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Florence Cole as a child

Grocers shops in
early 20th century London

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This page is based on childhood recollections of shops in Edmonton, north London in Edwardian times.

Bullocks General Provision store, Silver Street, Edmonton, early 1900s

Bullocks General Provisions store on the corner of Silver Street and Haselbury Road, 145 Silver Street. Photo courtesy of Hal Whiteman who has provided the following information:

The shop belonged to his great-grandparents, Alfred and Catherine Bullock. Sadly though it burned down in the late early 1900s.The family, who lived upstairs, had to flee the fire across the tin rooftop. The shop was rebuilt, but with no insurance, Hal's great-grandparents were no longer involved.

(The Bullock family came to London from Bristol in the 1870s, Alfred walking the whole way to save money. After the store burned down he returned to his original trade, which was French polisher. Hal's grandparents both attended Silver Street School in the early1900s.)

Where my family lived on the Huxley Estate in Edmonton [now Enfield], provisions came from a grocer's shop in Silver Street called Brown's. There were though other grocers and general provisions stores in the area.

Browns was a family shop, where everyone was treated as though their custom mattered. The grocer would greet my mother by name, saying something like, "Good evening, Mrs Cole. What would you like? Some collar bacon and not too salt?" Then he would hold up a piece of bacon and say, "How about some rashers off here?"; There was quite an art to cutting the bacon. Small weights such as half an ounce or an ounce were on a piece of string and had to be manipulated with great skill. I heard my mother say about one shop, "I'm not going there. He's a bit too tricky on the scales for my liking".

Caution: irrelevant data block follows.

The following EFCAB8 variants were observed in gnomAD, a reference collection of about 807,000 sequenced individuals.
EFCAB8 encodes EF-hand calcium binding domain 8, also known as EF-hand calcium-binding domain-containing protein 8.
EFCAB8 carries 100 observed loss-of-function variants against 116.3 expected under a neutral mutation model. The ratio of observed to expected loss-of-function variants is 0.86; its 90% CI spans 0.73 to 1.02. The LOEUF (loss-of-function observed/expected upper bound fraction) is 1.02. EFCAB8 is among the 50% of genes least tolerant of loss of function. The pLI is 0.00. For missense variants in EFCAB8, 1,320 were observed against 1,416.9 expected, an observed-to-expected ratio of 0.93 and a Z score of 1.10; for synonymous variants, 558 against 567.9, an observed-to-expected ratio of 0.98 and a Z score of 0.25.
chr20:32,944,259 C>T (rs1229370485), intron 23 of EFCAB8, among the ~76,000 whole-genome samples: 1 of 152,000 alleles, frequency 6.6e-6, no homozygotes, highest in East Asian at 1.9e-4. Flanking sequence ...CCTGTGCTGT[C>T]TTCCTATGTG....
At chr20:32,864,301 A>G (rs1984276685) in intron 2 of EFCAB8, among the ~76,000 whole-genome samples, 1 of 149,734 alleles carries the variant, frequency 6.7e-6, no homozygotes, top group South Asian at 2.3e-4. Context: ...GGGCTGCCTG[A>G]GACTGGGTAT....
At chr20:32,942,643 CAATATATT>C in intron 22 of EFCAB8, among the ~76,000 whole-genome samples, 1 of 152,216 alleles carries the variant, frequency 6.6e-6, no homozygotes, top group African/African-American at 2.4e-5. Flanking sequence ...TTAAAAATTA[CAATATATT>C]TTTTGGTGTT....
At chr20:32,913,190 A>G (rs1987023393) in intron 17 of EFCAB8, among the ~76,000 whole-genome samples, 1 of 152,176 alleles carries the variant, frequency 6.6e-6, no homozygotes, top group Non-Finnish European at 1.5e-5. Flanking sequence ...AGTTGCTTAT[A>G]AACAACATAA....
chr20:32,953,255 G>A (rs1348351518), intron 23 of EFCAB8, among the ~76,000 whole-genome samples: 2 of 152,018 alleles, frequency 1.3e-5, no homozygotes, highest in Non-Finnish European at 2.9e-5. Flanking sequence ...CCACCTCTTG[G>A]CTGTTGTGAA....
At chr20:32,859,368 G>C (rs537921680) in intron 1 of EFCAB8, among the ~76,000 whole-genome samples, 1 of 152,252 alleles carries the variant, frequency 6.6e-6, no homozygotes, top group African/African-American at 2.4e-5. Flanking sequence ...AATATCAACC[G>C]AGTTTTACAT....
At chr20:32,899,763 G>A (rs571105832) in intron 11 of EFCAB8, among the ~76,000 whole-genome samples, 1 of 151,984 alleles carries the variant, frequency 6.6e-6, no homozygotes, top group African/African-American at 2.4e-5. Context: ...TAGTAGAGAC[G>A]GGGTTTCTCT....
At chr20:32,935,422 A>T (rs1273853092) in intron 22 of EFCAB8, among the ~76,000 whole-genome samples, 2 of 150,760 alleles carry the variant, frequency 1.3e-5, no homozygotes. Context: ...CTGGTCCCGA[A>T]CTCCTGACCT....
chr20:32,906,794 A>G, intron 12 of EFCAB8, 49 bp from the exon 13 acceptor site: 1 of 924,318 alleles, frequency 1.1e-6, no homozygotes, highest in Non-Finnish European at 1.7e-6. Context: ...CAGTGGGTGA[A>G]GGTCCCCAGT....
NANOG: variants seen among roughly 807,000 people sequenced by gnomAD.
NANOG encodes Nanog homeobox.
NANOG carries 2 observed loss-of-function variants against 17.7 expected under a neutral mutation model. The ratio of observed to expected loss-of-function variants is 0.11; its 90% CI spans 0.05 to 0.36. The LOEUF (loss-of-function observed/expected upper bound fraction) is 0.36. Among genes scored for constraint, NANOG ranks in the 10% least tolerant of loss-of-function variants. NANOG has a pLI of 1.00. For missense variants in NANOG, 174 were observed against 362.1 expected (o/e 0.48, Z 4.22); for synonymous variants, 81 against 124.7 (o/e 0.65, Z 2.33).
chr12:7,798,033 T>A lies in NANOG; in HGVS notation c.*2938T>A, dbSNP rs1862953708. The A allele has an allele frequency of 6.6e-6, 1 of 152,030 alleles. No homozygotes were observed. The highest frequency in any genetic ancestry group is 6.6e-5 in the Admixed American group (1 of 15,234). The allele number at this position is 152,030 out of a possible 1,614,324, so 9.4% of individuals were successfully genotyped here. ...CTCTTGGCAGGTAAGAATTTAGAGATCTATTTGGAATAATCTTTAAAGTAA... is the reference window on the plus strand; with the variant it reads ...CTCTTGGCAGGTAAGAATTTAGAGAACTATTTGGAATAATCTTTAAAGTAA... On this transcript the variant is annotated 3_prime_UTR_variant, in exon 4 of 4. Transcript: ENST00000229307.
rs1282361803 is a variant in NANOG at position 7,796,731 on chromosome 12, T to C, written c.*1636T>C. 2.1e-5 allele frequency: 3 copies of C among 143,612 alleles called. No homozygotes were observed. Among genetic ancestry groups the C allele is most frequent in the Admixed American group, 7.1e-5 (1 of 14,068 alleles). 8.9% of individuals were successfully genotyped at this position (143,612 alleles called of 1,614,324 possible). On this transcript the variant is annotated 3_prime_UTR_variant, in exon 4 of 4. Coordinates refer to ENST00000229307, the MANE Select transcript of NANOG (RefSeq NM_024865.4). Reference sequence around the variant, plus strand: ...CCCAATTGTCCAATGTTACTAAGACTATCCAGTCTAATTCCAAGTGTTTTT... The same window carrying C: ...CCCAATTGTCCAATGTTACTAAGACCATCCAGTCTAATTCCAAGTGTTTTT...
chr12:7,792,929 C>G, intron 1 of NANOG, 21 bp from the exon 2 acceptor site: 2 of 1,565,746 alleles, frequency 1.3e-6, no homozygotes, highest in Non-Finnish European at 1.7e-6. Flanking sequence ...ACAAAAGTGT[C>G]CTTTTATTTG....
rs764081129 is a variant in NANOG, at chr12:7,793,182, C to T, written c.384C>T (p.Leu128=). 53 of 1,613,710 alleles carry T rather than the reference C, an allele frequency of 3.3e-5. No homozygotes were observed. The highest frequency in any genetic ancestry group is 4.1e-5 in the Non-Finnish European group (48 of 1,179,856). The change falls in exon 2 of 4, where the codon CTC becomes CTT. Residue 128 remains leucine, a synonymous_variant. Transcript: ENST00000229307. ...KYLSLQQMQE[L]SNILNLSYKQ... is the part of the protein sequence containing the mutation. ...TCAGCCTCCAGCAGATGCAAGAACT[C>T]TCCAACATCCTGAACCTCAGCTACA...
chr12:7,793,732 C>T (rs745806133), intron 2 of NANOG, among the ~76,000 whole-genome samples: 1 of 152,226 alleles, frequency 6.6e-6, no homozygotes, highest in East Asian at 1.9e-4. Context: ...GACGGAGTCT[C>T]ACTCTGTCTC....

The cheese came as a large hunk and had to be cut with a wire to whatever size one wanted.

The butter came in large blocks which stood on a marble slab with another slab in front with the word 'butter' engraved in gold coloured letters. Butter was not pre-packed into convenient weights for sale. It had to be cut to weight with butter pats made of wood and kept in a pail of water to stop them sticking.

Old wooden butter-pats, as used by grocers in the early 1900s, with a mock-up of a lump of butter patted into shape

Old wooden butter-pats with a mock-up of a lump of butter patted into shape. Photographed at the Museum of Nottingham Life.

There was an art to cutting the butter because it was never possible to cut off the precise weight that someone wanted. So the grocer had to take bits off or put bits on to make the scales balance. To add a bit, he would use the butter pats which had been standing in the water and smack a bit onto the main piece of butter. He might have to do this a number of times, and the smacking was important to make the piece of butter into a nice shape. I loved to watch my mother's face when Mr Brown gave her a taste of the butter on the end of the pat to see if it was too salt (a common practice in those days). Her lips would go and down and up and down, and I thought it must have been lovely to be able to do that.

My mother wrote nothing about food rationing when she was a child, but after finding a ration-card for the period in my father's effects, I made it my business to find out - see rationing in WW1.

In the 1930s there was another provisions shop in the area. See the advert.

Pat Cryer, webmaster
and daughter of the author

 

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